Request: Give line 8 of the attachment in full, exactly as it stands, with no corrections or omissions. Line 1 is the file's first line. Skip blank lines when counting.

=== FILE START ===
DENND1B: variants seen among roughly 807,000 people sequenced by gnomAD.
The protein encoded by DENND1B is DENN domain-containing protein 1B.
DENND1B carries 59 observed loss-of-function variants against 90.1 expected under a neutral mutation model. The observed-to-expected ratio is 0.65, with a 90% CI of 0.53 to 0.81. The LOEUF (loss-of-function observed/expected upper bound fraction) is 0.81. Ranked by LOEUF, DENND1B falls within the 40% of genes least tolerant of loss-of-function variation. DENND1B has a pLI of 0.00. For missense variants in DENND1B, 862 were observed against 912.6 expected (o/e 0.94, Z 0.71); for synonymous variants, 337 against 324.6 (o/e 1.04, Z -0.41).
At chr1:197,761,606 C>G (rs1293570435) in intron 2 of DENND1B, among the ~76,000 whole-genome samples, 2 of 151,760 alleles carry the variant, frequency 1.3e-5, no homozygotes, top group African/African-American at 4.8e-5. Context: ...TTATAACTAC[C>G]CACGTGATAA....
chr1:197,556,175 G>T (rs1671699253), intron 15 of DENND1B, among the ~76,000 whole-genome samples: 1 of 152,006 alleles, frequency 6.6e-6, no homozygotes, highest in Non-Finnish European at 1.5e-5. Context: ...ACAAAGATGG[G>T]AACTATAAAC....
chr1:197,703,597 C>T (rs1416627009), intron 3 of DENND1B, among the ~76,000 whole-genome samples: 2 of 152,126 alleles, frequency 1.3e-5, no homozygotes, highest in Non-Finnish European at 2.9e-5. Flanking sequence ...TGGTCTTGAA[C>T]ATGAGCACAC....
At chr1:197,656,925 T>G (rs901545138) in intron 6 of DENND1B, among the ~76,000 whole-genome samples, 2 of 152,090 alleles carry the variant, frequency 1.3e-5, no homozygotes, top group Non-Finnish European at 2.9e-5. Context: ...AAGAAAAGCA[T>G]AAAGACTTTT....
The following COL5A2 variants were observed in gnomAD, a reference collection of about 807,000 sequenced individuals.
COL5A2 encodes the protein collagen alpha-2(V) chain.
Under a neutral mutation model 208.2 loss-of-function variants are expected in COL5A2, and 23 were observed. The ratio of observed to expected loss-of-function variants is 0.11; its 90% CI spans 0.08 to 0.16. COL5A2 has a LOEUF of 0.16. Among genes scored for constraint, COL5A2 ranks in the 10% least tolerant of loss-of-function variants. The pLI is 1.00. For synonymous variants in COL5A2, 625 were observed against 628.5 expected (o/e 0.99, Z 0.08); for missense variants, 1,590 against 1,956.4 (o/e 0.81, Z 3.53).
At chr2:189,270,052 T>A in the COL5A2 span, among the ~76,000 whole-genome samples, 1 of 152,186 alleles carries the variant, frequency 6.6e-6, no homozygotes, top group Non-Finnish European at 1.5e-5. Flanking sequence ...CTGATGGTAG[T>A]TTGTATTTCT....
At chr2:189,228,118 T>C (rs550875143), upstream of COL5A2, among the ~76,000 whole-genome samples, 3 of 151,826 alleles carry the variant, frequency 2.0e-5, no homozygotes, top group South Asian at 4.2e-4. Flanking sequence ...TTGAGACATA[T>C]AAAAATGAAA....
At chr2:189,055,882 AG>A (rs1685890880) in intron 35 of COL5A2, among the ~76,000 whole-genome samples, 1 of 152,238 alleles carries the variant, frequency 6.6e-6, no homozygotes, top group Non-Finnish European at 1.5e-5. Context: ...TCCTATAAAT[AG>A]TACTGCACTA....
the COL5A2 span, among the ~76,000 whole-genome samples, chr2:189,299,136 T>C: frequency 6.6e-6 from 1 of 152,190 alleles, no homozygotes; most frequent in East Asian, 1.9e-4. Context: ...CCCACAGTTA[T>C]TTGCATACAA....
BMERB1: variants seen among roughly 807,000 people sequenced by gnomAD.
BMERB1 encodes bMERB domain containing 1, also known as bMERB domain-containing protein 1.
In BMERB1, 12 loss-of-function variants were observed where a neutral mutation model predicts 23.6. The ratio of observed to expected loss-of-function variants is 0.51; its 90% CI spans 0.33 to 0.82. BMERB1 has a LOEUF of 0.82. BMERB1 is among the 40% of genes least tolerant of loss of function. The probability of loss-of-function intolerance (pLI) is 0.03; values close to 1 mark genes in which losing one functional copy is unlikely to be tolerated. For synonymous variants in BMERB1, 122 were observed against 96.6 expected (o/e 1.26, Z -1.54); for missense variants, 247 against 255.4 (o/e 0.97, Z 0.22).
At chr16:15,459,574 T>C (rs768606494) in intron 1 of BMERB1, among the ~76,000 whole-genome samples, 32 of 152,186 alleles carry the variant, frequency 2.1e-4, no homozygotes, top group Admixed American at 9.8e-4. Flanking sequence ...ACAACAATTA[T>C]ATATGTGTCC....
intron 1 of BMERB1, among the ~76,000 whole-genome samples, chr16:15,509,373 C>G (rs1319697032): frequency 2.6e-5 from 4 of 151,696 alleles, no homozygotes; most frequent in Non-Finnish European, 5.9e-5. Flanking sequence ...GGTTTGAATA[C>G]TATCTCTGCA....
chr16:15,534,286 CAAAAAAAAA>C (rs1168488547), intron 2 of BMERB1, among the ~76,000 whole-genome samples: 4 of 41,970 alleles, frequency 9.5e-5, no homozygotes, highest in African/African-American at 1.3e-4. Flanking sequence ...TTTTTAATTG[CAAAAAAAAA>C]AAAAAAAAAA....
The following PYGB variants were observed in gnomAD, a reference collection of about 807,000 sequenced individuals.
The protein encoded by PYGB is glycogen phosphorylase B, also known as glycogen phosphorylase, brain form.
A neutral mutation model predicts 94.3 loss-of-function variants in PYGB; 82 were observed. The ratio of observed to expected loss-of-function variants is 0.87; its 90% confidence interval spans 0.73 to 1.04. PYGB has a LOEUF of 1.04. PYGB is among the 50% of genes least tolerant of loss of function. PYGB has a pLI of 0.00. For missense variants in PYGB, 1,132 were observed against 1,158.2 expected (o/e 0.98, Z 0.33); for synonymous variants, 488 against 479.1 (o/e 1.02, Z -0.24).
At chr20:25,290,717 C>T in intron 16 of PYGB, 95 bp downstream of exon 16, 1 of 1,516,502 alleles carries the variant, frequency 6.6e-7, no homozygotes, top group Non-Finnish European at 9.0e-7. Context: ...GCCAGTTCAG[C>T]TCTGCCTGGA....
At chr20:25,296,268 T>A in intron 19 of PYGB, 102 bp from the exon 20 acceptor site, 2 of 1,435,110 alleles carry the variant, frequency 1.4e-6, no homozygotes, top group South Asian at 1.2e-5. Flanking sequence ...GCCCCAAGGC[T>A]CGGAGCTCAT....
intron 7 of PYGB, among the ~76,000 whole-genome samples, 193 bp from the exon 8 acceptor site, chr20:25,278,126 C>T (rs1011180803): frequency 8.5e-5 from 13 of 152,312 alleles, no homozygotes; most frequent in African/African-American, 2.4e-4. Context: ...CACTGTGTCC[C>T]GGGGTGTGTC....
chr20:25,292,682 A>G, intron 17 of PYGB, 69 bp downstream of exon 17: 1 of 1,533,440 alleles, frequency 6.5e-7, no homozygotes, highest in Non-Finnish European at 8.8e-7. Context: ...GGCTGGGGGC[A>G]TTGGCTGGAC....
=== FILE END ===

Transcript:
The following COL5A2 variants were observed in gnomAD, a reference collection of about 807,000 sequenced individuals.